[28]      In the context of a limitation period analysis, declaratory relief should be narrowly construed so as to ensure that s. 16(1)(a) is not used as a means to circumvent applicable limitation periods: Joarcam, LLC v. Plains Midstream Canada ULC,2013 ABCA 118 (CanLII)90 Alta. L.R. (5th) 208, at para. 7.

[29]       I conclude that this subsection is unavailable to Manulife in the circumstances of this case, as it is seeking consequential relief.  The remedy of rectification sought in this case has significant consequences for the parties and goes beyond clarifying the nature of a particular obligation. Mr. Alguire stands to receive significantly less money as a result of the rectification compared to what he argued he was entitled to on the Policy’s face.

The Court held that policy considerations cannot drive the results:

[33]      Finally, Mr. Alguire raises policy considerations in support of his submission that the claim for rectification is statute-barred.  Those considerations cannot, in the circumstances of this case, drive the result.  The Limitations Act was designed to promote certainty in the analysis of when claims are statute-barred.  The task of a reviewing court is to determine the applicable limitation period having regard to the legislation. A limitation period analysis is not a laches analysis where the court’s investigation is driven by the equities of the situation.

This prompts the obvious question: are there circumstances where policy considerations could inform a limitations analysis? I wouldn’t think so, and it seems like the real policy concern is avoiding the introduction of a new factor in the limitations analysis.  It’s easy to see how litigants might seize on this obiter as standing for the principle that there are circumstances where, in addition to the matters in s. 5(1), a court must consider the impact of policy on the commencement of time.

 

 

 

Ontario: the Court of Appeal on the limitation of unpaid invoice claims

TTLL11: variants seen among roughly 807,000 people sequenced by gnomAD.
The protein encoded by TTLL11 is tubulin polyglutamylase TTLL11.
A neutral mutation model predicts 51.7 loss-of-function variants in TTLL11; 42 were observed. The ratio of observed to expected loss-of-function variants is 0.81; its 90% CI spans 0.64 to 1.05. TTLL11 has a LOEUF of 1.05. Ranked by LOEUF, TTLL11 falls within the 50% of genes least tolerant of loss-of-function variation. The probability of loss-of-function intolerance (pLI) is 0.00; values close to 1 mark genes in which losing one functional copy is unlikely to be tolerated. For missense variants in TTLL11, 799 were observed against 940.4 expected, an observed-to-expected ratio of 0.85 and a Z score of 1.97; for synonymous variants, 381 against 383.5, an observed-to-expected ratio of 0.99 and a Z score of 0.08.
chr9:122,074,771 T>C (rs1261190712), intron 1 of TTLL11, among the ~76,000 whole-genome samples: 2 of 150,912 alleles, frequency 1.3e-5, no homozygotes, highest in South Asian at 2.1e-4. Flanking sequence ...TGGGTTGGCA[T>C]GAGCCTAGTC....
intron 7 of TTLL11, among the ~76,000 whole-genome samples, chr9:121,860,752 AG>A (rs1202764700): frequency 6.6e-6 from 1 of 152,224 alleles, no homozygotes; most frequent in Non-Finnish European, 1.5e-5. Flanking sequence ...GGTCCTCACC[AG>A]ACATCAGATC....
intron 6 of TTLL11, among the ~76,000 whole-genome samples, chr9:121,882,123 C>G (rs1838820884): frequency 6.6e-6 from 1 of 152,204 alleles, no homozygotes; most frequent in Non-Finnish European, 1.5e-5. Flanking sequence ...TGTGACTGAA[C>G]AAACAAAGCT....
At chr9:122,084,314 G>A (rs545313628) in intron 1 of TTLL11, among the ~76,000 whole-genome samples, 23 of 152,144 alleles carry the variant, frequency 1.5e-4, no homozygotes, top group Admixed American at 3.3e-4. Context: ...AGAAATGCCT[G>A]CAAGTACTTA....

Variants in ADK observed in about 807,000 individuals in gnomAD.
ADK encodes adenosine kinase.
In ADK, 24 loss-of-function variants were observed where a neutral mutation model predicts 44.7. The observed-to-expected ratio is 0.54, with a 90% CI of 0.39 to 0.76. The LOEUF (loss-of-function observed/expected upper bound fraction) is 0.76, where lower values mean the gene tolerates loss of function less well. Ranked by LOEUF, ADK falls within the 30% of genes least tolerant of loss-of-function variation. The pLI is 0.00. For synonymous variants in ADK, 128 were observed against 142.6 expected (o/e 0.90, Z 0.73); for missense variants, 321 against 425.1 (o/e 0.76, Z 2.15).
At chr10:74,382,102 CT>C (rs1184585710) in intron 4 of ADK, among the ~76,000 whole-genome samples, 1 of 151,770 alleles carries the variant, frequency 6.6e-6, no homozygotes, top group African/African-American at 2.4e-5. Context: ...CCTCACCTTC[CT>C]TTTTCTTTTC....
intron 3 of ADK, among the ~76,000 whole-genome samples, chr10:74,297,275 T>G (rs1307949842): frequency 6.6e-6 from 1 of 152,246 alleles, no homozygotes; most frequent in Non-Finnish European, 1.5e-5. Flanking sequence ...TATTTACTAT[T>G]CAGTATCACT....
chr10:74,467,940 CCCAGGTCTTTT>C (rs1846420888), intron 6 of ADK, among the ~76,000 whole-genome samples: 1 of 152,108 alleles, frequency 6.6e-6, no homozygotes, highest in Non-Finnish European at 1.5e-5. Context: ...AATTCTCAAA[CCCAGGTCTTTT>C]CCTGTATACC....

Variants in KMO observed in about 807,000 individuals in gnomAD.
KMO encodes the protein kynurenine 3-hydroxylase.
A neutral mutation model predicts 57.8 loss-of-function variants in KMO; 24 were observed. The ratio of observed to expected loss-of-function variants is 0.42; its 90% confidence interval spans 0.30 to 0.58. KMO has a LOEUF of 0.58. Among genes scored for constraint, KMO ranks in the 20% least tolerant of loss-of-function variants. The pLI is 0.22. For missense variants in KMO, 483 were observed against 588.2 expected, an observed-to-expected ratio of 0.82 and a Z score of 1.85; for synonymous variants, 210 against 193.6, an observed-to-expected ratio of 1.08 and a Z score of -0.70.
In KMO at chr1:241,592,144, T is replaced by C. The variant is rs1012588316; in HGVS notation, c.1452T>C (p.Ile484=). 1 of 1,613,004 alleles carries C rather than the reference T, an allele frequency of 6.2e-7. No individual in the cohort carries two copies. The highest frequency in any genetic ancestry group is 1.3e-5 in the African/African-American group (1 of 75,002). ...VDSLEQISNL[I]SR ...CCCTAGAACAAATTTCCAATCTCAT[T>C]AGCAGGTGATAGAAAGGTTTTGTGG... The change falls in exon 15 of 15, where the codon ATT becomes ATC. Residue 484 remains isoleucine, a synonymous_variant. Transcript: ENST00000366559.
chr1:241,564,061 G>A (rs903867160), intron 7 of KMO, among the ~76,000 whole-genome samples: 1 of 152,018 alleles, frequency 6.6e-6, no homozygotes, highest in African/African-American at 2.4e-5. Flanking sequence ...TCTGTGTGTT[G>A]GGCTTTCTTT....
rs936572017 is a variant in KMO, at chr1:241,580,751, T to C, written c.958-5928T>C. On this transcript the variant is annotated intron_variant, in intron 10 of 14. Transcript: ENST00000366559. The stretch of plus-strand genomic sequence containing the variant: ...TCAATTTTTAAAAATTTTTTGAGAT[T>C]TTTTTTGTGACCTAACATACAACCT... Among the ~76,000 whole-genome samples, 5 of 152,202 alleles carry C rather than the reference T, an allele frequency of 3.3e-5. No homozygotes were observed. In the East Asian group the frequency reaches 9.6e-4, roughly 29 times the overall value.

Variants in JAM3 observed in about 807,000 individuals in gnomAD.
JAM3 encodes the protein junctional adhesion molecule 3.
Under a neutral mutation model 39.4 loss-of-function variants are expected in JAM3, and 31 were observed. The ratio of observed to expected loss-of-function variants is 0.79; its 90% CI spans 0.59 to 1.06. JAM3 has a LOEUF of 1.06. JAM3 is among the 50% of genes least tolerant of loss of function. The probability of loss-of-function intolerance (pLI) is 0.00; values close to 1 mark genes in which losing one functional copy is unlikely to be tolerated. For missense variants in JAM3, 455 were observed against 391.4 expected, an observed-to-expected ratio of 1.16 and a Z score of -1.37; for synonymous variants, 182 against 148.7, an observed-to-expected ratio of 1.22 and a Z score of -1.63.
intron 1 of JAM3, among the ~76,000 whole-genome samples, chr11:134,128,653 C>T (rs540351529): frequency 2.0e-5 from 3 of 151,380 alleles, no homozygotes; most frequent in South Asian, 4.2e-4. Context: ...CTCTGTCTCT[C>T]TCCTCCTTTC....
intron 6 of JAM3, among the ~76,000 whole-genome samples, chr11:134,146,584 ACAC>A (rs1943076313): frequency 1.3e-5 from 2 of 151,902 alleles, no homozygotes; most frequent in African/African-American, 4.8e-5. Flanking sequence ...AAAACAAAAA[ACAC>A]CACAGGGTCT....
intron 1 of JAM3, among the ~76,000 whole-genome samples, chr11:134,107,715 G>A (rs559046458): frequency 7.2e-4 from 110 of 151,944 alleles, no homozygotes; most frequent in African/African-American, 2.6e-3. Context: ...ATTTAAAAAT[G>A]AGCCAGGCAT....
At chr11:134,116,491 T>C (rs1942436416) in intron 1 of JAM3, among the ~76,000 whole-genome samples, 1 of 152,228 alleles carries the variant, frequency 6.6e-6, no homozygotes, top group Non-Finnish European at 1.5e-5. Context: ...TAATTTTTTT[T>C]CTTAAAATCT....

In Collins Barrow Toronto LLP v. August Industries Inc., the Court of Appeal has held that the limitation period for a claim arising from an unpaid invoice does not run until a reasonable period of time has expired for payment of the invoice:

[5]         The other two invoices in dispute are dated April 9, 2014 and April 11, 2014.  The application judge pointed out that the engagement letters expressly provided that invoices only became delinquent once 45 days had expired from their delivery.  The application judge concluded that the limitation period for these two invoices did not commence until 45 days after they were delivered.  We agree with her conclusion in that regard.  It is consistent with the express wording of the engagement letters and also with existing case law that provides that the limitation period on an invoice does not begin to run until a reasonable period of time has expired for payment of the invoice:  see, for example, G.J. White Construction Ltd. v. Palermo[1999] O.J. No. 5563 (S.C.J.).

The decision cited by the Court was decided under the former Limitations Act, in which the accrual of the cause of action determined the commencement of time.  In contrast, time commences under the Limitations Act on discovery of the claim.  It would have been more helpful had the Court explained what impact the passage of a reasonable amount of time has on the plaintiff’s discovery of the claim, and framed the analysis in the language of Limitations Act.  In the absence of such a s. 5 analysis, I assume the principle is that a plaintiff cannot really know that she has suffered a loss until a period of time expires after payment became due.